Nine Fine Finds At The 2012 Monterey Auto Auctions

Inevitably, Monterey's Car Week brings a number of exquisite, exotic automobiles not only to show venues, but also to auction. Though it's impossible to chronicle each and every piece of lust-worthy sheetmetal that will cross the block this weekend, we've rounded up nine of our favorites here for your enjoyment.

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1932 Daimler 40/50 Double Six Sport Saloon

Gooding & Company. Estimate: $3-4 million

What is it? Daimler’s top-tier luxury car, which was first launched in the mid-1920s. (no, not that Daimler, but the one later absorbed by Jaguar).

Wow factor: Proportions, of course! We’ve never measured a car’s dash-to-axle ratio in miles, but the 40/50 Double Six almost appears to make that possible. That long, four-meter wheelbase (which places the front axle ten feet in front of the driver), restrained brightwork, and low roof all make the car look like a rodder’s dream luxury sedan. If that’s not enough, there’s the matter of the magnificent 6.5-liter “Double Six,” V-12, which boasts both sleeve valves and seven-jet carburetors plumbed for oil, coolant, and fuel.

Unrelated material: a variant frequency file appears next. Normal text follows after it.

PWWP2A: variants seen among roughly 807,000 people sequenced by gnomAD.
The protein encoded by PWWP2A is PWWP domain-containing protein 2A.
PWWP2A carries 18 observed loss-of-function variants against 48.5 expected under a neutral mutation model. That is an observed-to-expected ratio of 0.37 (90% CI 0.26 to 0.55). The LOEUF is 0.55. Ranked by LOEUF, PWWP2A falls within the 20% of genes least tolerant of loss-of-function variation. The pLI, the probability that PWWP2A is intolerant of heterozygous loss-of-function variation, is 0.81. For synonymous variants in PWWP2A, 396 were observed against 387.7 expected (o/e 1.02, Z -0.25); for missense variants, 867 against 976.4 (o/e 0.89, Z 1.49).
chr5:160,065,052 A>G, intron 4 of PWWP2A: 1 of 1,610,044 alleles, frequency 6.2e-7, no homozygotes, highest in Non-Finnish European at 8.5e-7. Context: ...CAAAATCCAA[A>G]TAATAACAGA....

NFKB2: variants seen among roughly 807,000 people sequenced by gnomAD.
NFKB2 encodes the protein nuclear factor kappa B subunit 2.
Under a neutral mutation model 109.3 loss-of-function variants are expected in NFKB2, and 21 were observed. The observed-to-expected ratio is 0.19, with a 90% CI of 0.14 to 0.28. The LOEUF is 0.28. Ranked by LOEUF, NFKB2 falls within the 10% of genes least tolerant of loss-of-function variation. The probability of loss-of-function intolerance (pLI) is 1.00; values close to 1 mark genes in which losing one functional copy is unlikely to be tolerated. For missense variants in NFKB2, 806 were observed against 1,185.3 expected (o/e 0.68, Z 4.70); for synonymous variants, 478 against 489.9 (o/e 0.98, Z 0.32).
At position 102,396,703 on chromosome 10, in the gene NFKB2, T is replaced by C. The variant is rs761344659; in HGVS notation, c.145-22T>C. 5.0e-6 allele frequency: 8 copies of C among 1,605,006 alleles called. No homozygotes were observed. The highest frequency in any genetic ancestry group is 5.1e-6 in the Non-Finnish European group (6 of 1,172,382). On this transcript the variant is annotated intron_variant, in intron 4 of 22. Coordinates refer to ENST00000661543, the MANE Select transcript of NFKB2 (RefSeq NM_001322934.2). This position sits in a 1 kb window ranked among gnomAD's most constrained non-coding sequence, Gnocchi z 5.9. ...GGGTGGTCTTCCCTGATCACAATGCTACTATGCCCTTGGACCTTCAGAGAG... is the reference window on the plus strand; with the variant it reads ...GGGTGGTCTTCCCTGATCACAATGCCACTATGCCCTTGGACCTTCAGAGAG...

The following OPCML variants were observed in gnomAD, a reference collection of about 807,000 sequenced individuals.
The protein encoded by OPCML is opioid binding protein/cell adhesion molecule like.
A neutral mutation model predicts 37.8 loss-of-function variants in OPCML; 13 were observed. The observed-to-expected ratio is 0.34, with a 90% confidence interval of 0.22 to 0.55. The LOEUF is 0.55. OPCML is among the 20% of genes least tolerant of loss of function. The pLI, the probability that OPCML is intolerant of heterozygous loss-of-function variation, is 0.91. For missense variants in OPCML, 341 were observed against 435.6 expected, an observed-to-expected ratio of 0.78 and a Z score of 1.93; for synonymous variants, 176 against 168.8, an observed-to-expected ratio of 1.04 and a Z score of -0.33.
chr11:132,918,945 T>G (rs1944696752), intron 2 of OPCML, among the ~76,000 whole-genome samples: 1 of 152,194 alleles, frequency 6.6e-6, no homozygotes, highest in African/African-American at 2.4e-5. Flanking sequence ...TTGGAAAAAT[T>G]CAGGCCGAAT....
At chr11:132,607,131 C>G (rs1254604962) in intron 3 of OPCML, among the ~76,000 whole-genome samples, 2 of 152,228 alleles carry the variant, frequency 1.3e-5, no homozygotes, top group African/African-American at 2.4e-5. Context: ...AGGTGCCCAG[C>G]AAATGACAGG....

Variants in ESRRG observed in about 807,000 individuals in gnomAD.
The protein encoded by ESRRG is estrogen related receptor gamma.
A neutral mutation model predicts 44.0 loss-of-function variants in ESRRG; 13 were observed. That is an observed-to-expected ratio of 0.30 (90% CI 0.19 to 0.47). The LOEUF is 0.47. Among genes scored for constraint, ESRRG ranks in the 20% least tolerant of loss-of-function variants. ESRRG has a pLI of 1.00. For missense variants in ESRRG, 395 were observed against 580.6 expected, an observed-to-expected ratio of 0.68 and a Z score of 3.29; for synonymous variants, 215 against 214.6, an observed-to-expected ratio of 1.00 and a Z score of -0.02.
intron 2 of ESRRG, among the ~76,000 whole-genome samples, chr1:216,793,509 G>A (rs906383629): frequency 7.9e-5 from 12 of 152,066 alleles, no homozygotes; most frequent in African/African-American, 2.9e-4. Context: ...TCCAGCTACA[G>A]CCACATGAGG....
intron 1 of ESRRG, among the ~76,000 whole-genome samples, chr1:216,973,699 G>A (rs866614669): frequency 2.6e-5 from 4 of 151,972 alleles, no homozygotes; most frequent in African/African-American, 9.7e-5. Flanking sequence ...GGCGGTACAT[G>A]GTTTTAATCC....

About this car: Only 26 Double Sixes were built over the course of ten years, but this is the longest chassis built. The bodywork, designed by Captain H.R. Owen and fabricated by Martin Walter Ltd, turned enough heads to earn it a victory at the 1932 Eastbourne Concours d’Elegance. Perhaps it was ahead of its time, as it was named Best in Show at the Pebble Beach Concours some 67 years later.

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1938 Alfa Romeo 6C 2300B Mille Miglia Berlinetta

RM Auctions. Estimate: $2.2-2.8 million

What is it? The slightly more affordable alternative to Alfa’s flagship 8C, but still special in its own right. In its second year of production, the 6C received a chassis re-work that blessed it with independent suspension at all four corners, while an update in 1937 cranked output of the 2.3-liter DOHC I-6 from 75 to 105 hp.

Wow factor: As with many cars of this class and era, it’s all about the bodywork. 6Cs varied drastically in appearance, running the gamut from stripped-down race cars to sedate four-door sedans. Arguably, few looked quite as good as the teardrop-shaped berlinetta crafted by Touring. Sadly, very few were built: Alfa made only 100 6C 2300s between 1934 and 1939, and Touring only transformed seven into shapely berlinettas.